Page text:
Actor Anne Hathaway, who quit her vegan diet in 2014, revealed the exact moment that she started eating animals again — with the help of fellow actor Matt Damon.
During an interview with Tatler, Hathaway shared that she started eating animals again when she dined out with her husband and co-actors during the shooting of science fiction film “Interstellar.”
She shared that she was the only vegan at the table as her husband Adam Shulman and co-stars at a Michelin-star restaurant and became inspired to “go with the flow” like everyone else, especially when Damon said he would have whatever the chef wanted to serve him.
“So then I was the only chick and I’m the vegan and everyone’s just going with the flow, ” Hathaway told Tatler.
“So I asked [she puts on a small embarrassed voice] ‘Is your fish local?’ And they said ‘do you see that fjord?’ So I had a piece of salmon and my brain felt like a computer rebooting.”
Hathaway went on a plant-based diet in 2012 to get in shape for her role as Catwoman in “The Dark Knight Rises.” She is not the only celebrity who quit veganism.
Jackass star Steve-O recently admitted that he quit veganism and started eating fish again despite going vegan for the animals and narrating a campaign video by animal protection organization Farm Sanctuary that urges pescatarians to go vegan as fish are sentient, intelligent, social, and feel pain.
Dr. Garth Davis, well-known vegan medical and weight loss doctor, slammed “millennials on YouTube” who quit veganism and discussed the science behind the plant-based diet, which gave him enough reason to call “leaving veganism” videos ridiculous.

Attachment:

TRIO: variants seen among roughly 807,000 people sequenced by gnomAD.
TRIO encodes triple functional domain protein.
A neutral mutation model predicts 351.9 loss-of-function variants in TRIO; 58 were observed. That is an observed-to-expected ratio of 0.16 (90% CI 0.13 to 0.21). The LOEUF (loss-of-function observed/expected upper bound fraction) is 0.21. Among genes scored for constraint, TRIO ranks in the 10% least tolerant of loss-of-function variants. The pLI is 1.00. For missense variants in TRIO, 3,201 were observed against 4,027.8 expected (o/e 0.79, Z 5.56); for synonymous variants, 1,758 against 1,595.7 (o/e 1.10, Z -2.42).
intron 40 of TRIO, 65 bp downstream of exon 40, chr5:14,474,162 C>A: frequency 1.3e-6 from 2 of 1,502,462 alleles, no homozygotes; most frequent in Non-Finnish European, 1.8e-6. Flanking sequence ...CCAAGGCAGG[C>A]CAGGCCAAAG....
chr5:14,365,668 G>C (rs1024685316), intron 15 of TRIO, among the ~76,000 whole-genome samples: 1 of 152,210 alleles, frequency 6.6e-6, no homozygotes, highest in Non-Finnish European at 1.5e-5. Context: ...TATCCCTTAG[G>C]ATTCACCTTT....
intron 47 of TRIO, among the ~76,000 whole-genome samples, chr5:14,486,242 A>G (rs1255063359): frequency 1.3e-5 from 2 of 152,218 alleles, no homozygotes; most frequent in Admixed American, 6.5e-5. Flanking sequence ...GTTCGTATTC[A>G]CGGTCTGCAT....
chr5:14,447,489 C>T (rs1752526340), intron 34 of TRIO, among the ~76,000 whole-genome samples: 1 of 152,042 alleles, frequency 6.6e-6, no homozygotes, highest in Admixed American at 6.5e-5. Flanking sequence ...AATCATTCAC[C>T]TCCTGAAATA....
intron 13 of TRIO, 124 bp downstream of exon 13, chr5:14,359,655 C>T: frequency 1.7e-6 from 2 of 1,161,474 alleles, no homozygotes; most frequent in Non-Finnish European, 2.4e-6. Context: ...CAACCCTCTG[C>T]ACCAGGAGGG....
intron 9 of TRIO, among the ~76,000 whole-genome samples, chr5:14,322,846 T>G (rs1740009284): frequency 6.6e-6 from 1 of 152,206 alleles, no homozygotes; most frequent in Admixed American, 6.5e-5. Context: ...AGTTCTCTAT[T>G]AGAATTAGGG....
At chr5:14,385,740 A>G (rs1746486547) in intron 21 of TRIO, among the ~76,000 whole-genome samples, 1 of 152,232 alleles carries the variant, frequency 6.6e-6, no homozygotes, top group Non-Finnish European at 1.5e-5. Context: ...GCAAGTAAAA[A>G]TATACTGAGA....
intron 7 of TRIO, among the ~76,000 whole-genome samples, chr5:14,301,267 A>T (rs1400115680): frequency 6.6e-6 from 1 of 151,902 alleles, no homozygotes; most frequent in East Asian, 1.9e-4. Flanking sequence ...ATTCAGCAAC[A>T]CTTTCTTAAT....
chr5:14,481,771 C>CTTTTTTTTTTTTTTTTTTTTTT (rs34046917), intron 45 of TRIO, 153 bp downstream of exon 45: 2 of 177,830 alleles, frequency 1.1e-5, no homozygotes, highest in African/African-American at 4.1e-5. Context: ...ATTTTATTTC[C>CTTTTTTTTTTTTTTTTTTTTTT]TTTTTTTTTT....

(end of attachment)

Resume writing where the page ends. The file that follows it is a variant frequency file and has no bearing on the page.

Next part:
He claimed that ex-vegans did not leave veganism — they left a diet as the types of plant-based diets that they had been following, mostly extreme, were not even in the “same realm” of what he and other doctors recommend.
Health YouTuber Gojiman, a qualified nutritionist, who is currently completing a master’s degree in nutrition, compiled the common traits of ex-vegans, including following extreme diets and being arrogant.
He pointed out that most ex-vegans went vegan to cure their health problems or improve their health instead of being vegan for the animals.
He also noticed that most ex-vegans followed extreme diets such as raw, very high carb with extremely low or no healthy fats, and intentional calorie restriction for weight loss — with some being so obsessed with finding ways to become perfectly healthy that they are willing to drink their own urine.
Finally, obsession with physical appearance and believing that they know more than doctors and heath professionals despite lack of medical knowledge are also common in ex-vegans, he said.